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Schumer Calls on Administration and Congress to Target New Program Prioritizing Aid to Communities With Older Housing Stock And To Give Funding Directly to Localities, Instead of Going Through State or Federal Middlemen

Schumer: "Cash for Caulkers" a Win-Win-Win for New York: Retrofit Thousands of Homes, Cut Energy Bills and Create American Jobs - Save Families up to $500 a Year or More on Their Utility Bills

Hudson Valley Families Could See Major Savings on Bills with New Program

U.S. Senator Charles E. Schumer today called on the Administration and Congress to target its upcoming “Cash for Caulkers” program to communities that have older, less efficient energy housing stock, to maximize the program’s bang for the buck.  Schumer said that such a move would benefit all taxpayers, and would benefit the Hudson Valley because of its many older homes.  Schumer will also ask the Administration to send the funding directly to localities, bypassing federal and state middlemen that could slow down the funds’ delivery.  Early reports show that the average homeowner could save up to $500 per year or more on their utility bills, and that homeowners may be eligible to receive up to $12,000 in rebates for weatherizing their homes. 


“In order to get the most bang for the buck out of this Cash for Caulkers program, we need to target the program to areas where the retrofits will have the most effect in saving energy and homeowners will save the most money: places like the Hudson Valley that have a huge supply of older homes,” Schumer said. “Prioritizing aid to communities with older housing stock, like those all over New York, and giving the funding directly to localities is the fastest and most effective way to put contractors back to work and put money back in homeowner’s pockets.”


“There are hundreds of people like Ms. Powers and thousands of older homes in Yonkers that could benefit from energy efficient caulking and weatherization,” said Yonkers City Council President Chuck Lesnick. “This is great use of money because it cannot be outsourced overseas. It must be spent in Yonkers, New York State and throughout the nation. I thank Sen. Charles Schumer for fighting for the working people of Yonkers and proposing this very timely piece of legislation.”  



In December, President Obama proposed a new so-called “Cash for Caulkers” that would reimburse homeowners for energy-efficient appliances and insulation, part of a broader plan to stimulate the economy. While the Administration hasn’t yet provided immediate details of the programs, early reports said a homeowner could receive up to $12,000 in rebates. In the coming weeks, the United States Senate is likely to take up a jobs bill that may include the Cash for Caulkers program. The proposed program contains two parts: money for homeowners for efficiency projects, and money for companies in the renewable energy and efficiency space.


The plan will likely create a new program where private contractors conduct home energy audits, buy the necessary gear and install it, according to the Senate Energy Committee. Big-ticket items like air conditioners, heating systems, washing machines, refrigerators, windows and insulation would likely be covered.


Under the program, consumers could be eligible for a 50% rebate on both the price of the equipment and the installation, up to $12,000. Homes that take full advantage of the program could see their energy bills drop as much as 20 percent, yielding up to $480 in savings for the average New York homeowner.  If residents of Westchester County were to take full advantage of the program, they could collectively save up to $163,000,000 a year.  Residents of Rockland could save $45,000,000 and residents of Putnam could save $16,000,000 a year.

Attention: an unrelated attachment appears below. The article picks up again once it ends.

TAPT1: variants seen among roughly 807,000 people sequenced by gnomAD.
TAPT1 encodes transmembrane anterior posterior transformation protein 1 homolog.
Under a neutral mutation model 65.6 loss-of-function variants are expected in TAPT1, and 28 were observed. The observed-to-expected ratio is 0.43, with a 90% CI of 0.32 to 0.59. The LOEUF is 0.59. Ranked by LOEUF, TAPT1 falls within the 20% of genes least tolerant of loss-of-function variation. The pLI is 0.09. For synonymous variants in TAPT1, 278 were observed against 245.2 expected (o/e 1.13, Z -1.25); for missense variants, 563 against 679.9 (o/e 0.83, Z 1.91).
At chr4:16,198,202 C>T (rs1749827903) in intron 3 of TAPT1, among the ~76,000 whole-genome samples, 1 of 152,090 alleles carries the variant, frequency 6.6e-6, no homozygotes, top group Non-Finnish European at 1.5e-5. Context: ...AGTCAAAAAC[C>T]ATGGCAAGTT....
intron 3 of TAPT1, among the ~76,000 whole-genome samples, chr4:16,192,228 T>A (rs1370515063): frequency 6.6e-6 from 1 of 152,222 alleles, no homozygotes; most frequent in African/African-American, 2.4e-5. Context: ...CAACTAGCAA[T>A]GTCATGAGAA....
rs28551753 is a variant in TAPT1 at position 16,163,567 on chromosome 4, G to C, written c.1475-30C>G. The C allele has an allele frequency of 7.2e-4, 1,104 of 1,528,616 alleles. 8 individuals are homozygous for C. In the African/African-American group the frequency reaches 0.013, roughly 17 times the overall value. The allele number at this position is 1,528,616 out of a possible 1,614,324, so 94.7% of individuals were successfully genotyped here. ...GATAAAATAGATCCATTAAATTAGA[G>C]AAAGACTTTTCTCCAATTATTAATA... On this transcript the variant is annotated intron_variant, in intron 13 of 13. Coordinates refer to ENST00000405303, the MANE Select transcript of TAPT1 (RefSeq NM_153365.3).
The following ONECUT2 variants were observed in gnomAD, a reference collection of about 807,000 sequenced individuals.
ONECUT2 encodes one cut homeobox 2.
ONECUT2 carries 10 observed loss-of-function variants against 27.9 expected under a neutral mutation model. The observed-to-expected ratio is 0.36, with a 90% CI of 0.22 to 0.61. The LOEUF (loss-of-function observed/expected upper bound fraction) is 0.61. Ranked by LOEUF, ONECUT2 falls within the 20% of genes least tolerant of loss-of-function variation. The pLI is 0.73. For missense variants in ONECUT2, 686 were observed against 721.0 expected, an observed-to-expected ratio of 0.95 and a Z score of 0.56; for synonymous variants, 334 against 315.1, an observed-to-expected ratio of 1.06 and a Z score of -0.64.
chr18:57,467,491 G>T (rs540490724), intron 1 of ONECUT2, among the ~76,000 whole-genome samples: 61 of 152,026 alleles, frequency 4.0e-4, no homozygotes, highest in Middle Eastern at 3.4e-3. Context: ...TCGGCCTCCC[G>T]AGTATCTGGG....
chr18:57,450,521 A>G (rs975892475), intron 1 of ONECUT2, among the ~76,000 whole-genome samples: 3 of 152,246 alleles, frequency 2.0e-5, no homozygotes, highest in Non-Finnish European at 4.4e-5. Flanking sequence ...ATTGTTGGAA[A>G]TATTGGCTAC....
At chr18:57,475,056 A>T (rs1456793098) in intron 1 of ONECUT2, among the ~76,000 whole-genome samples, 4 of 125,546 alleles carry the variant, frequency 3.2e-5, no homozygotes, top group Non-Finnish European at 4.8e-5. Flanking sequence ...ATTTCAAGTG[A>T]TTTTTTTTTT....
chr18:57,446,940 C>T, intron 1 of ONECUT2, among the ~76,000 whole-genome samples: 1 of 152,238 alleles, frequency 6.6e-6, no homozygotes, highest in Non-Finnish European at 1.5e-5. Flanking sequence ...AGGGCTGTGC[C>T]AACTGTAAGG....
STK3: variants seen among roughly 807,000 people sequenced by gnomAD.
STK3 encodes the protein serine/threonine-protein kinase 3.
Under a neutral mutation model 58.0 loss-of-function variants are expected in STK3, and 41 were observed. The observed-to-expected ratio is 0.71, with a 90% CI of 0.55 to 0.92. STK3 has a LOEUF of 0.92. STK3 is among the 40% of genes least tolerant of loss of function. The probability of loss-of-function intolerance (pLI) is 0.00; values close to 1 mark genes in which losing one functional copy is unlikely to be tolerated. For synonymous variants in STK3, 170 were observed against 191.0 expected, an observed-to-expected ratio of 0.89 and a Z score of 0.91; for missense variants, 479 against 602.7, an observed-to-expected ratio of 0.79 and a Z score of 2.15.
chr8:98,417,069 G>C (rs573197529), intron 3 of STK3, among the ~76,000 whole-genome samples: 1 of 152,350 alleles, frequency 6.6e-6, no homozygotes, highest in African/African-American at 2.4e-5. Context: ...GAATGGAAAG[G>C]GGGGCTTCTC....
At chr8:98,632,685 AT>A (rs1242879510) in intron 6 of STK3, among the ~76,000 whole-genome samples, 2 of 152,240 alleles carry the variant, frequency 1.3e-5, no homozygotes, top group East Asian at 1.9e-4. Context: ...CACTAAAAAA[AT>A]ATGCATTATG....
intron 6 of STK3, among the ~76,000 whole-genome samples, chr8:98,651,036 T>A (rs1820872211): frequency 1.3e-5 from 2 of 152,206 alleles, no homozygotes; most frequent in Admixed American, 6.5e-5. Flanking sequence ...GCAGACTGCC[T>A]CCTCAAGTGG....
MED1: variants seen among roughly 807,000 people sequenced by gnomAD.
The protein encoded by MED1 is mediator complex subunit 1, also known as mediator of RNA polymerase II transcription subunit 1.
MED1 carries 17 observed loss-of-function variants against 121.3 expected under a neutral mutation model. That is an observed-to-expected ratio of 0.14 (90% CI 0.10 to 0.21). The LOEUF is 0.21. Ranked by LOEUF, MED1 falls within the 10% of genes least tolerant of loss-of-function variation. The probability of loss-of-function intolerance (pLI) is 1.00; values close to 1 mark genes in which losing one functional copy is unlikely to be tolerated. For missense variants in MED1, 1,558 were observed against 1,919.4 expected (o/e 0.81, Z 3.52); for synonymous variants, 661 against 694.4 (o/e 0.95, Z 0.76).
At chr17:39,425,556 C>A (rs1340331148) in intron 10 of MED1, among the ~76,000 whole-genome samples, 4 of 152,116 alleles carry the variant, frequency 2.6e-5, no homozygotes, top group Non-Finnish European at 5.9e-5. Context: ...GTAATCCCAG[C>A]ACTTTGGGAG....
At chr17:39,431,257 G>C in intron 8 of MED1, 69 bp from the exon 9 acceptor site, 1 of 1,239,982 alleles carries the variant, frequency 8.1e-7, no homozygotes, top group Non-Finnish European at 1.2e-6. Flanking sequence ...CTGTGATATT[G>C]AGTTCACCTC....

In December, Schumer sent a personal letter to Energy Secretary Steven Chu asking him, as the Administration crafts its Cash for Caulkers program, to do so in a way that directs funding in two ways in order to maximize the effectiveness of the program.


First, Schumer said the funding should be targeted to communities with older homes. By completing retrofits on older homes that were originally designed and constructed without energy efficiency in mind, the new upgrades can provide a maximum conservation benefit.  Distributing the money this way would also greatly benefit New York.  New York’s housing stock is one of the nation’s oldest – 76 percent of New York’s homes were built before 1970, when energy was cheap and accessible, and technology to produce energy-efficiency was unavailable. As new technologies have made weatherization possible and energy prices have increased, Upstate New York’s housing units have not kept up, meaning utility bills have risen. On average, New York families spend $2,400 on utility expenses each year. For many residents of New York, this often means spending 15% or more of their monthly income on utility costs.


Second, Schumer also said at least a portion of the funding should go directly to municipalities, rather than be funneled through the states. This will ensure funding gets injected in to working programs quicker, with the desperately needed economic and environmental benefits reaped sooner.


 In the letter, Schumer said that following these proposals will save homeowners hundreds of dollars a year and create good-paying, American jobs all at the same time. He also said that the investment in helping people weatherize their homes makes good fiscal sense as it will reduce dependence on other oversubscribed federal home heating programs like LIHEAP.


As the United States Senate moves toward legislative action on Cash for Caulkers, Schumer will continue to advocate for New York’s families by insisting that they money be targeted in a way that produces the most bang for the buck.



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